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Don Carlos at Exeter Northcott

Exeter Northcott, Nuffield Southampton Theatres, Rose Theatre Kingston co-production in association with ARA.

Review by Paul Nero


“Shoot me now” Tom Burke with Prince Harry


Oh dear. They’ve been building up to this show at the Northcott for a year. Splattering posters of star Tom Burke on any spare surface. Talking it up. Shouting it up indeed. Shouty is something this production would do well, if it didn’t do it so badly. Something’s rotten in the state of Spain.


For those of us who believed the hype – for hype is what it turned out to be - Don Carlos is less of a disappointment and, like the Spanish Inquisition which is its setting, more an agony to be endured. 


Burke has much riding on this. Along with director Gadi Roll, it is his production company’s first piece, produced by the Northcott’s outgoing artistic director Paul Jepson. The actor’s mother is reportedly in the audience. We’re itching to be awed with high quality drama. We’re on their side. We’re let down.


The Friedrich Schiller play should have resonance today: exploring power in its rawest forms, exploitation, terror, fundamentalism, European alliances. Schiller could have done with a good editor, but the German wrote his Spanish play two years before the French revolution and probably had few people around to say ‘you need to take an hour out of this, Fred’. The Northcott’s co-production with Burke’s company uses a respected 1995 Scottish translation, which itself could be trimmed, yet the producers contrive to make this an implausible test of nearly three and a half hours. You can get an A Level in Don Carlos faster. Twenty minutes could be trimmed by not moving stage lighting and chairs round unnecessarily every few minutes, with the added benefit that actors could get on and off unencumbered by trip hazards.


An hour in and this feels like minor counties cricket; you know you’re in for a long, dreary day, perhaps with the occasional flash of quality, but the highlight will surely be the tea break. The interval is such a relief for some members of the audience, they choose not to return (fortunately Tom Burke’s mother does, which shows loyalty for you).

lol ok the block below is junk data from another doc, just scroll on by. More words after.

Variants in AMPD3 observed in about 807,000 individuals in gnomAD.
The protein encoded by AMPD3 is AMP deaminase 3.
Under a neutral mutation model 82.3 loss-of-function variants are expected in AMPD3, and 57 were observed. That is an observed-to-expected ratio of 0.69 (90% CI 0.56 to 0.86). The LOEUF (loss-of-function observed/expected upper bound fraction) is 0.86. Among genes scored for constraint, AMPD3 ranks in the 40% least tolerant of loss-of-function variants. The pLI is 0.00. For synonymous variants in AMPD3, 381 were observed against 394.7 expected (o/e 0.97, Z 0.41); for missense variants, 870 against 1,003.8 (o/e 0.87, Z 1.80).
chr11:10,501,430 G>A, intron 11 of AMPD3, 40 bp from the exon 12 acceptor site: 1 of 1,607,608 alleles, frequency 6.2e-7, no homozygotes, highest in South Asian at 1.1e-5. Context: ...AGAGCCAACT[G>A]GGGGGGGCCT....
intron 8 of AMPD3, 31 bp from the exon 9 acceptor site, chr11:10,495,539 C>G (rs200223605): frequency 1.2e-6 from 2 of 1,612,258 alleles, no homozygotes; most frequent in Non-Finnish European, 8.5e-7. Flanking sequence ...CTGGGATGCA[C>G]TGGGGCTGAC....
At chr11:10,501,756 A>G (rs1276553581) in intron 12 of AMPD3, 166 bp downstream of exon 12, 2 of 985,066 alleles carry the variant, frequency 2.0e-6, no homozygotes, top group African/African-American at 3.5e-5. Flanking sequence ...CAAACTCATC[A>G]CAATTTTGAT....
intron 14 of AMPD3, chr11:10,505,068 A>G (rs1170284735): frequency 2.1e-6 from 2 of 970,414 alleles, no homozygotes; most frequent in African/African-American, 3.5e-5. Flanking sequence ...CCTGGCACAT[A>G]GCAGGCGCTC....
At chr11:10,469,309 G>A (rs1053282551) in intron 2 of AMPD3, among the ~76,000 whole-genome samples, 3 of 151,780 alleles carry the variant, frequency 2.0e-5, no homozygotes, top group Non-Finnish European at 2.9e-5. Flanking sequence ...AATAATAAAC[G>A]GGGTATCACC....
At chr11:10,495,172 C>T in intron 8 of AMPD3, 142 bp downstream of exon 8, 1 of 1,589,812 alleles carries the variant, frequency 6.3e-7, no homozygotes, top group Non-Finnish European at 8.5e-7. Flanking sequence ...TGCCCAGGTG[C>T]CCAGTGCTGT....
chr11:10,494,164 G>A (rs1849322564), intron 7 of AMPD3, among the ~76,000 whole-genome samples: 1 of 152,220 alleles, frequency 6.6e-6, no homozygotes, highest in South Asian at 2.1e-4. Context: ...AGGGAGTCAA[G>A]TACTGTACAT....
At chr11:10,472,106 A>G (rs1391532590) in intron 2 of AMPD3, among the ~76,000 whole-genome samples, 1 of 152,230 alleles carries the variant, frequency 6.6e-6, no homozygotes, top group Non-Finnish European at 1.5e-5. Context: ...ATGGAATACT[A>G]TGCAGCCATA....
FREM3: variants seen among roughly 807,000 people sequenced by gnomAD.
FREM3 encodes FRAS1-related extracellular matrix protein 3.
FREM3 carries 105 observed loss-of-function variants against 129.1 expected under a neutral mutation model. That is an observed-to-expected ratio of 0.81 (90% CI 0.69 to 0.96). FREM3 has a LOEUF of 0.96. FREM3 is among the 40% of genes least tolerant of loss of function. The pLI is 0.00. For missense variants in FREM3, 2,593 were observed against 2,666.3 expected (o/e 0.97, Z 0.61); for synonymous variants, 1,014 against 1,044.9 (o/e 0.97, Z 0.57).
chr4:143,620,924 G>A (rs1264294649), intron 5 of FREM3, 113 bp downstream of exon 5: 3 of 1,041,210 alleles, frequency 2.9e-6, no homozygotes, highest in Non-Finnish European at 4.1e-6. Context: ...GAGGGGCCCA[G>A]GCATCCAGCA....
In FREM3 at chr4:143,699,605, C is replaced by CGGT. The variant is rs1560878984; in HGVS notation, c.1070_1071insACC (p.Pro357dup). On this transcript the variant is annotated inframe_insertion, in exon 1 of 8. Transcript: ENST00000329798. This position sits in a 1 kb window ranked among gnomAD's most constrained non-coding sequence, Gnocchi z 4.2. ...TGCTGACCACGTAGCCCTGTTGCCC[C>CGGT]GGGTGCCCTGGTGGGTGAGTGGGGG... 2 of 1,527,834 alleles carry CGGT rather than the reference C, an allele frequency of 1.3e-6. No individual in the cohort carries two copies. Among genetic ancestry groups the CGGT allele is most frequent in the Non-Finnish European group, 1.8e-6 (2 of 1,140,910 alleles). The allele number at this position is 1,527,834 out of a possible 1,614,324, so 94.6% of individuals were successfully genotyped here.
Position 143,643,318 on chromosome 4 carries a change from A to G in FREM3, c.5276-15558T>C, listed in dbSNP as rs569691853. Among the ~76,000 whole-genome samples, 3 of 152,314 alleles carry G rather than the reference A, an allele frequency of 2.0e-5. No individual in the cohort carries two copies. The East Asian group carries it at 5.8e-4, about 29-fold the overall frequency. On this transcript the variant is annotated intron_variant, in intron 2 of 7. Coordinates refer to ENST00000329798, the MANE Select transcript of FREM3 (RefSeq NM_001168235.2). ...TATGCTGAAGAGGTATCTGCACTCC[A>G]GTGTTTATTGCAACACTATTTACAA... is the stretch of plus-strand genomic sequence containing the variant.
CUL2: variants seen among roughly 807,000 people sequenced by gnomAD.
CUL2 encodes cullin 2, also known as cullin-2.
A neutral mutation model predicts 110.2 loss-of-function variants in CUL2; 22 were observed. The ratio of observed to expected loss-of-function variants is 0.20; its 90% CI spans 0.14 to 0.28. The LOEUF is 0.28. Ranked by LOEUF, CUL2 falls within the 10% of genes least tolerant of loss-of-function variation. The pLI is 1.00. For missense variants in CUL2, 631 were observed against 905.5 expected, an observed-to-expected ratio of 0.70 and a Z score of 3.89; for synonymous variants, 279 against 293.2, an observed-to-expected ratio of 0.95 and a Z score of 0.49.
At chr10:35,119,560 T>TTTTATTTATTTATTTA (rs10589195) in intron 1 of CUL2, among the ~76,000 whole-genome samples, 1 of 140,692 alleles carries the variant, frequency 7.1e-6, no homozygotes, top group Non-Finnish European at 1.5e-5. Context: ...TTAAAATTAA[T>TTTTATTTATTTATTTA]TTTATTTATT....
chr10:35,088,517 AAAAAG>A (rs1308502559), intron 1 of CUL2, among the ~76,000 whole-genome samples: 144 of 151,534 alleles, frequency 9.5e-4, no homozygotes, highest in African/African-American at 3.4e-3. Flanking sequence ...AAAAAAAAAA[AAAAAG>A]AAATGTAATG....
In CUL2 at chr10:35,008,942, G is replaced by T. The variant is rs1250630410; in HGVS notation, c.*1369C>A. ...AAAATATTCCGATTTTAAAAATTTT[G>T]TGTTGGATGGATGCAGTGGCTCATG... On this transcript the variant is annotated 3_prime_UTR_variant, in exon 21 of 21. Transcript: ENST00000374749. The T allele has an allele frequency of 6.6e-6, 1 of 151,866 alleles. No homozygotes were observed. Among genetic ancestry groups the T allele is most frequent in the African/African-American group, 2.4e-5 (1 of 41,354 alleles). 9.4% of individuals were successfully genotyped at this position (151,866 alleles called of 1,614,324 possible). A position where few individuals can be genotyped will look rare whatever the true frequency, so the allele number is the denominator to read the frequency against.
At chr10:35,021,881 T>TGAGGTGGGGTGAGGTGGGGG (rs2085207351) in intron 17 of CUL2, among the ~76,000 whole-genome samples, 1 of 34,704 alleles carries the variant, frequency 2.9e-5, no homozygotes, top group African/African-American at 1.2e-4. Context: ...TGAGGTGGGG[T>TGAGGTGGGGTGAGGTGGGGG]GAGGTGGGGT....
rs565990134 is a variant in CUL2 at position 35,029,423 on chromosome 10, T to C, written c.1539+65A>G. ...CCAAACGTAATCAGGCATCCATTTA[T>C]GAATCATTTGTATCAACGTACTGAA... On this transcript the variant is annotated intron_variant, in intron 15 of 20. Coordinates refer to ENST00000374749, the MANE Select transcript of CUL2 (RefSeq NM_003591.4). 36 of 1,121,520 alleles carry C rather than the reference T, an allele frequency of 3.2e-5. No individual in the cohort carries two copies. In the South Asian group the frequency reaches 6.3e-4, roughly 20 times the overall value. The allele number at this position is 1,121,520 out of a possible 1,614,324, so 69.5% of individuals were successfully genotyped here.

Performers’ voices have a range extending from mildly shouty to excruciatingly shouty; the females on a register so high we worry for the hearing of nearby dogs; the males generating a level of spittle that would concern the front few rows were the actors ever to turn face-front, rather than conduct most of the action, if action it can be called, on a left-to-right plane and, for a variety’s sake, towards the back wall. It’s a considerable achievement to shout so much and be heard so little.


A Prince Harry lookalike (Samuel Valentine) who’s in love with a stepmother who could pass for his sister (Kelly Gough), makes his father King Phillip II (Darrell D’Silva) understandably cross, so is counselled by the Marquis of Posa (Tom Burke). That’s a pretty strong start, but where there should be drama, there’s only poetry, and we can’t hear much of that through the shouting. Pauses out-Pinter Pinter to the point one wonders if the actors are going to shout for their line. Presumably these are dramatic pauses, without the drama. After Burke is shot and performs a stage-death so reminiscent of Eric Morecombe in a Little Ern play that it causes audible guffaws, he springs back to life as the Grand Inquisitor. Sunglasses. Jerky head. Staccato delivery. This is Suggs from Madness in his seminal work Baggy Trousers, words possibly changed around a bit, but who would know?


So here’s the play, overhyped, under-delivered (unless you count the length), with little to shout about. Let’s move on.


The Northcott is entering a new era. Artistic director Daniel Buckroyd takes over with news ideas. The tragedy of Don Carlos isn’t his fault.


Don Carlos is at the Exeter Northcott until 20 October and then tours to the Nuffield Southampton and Rose Theatre, Kingston

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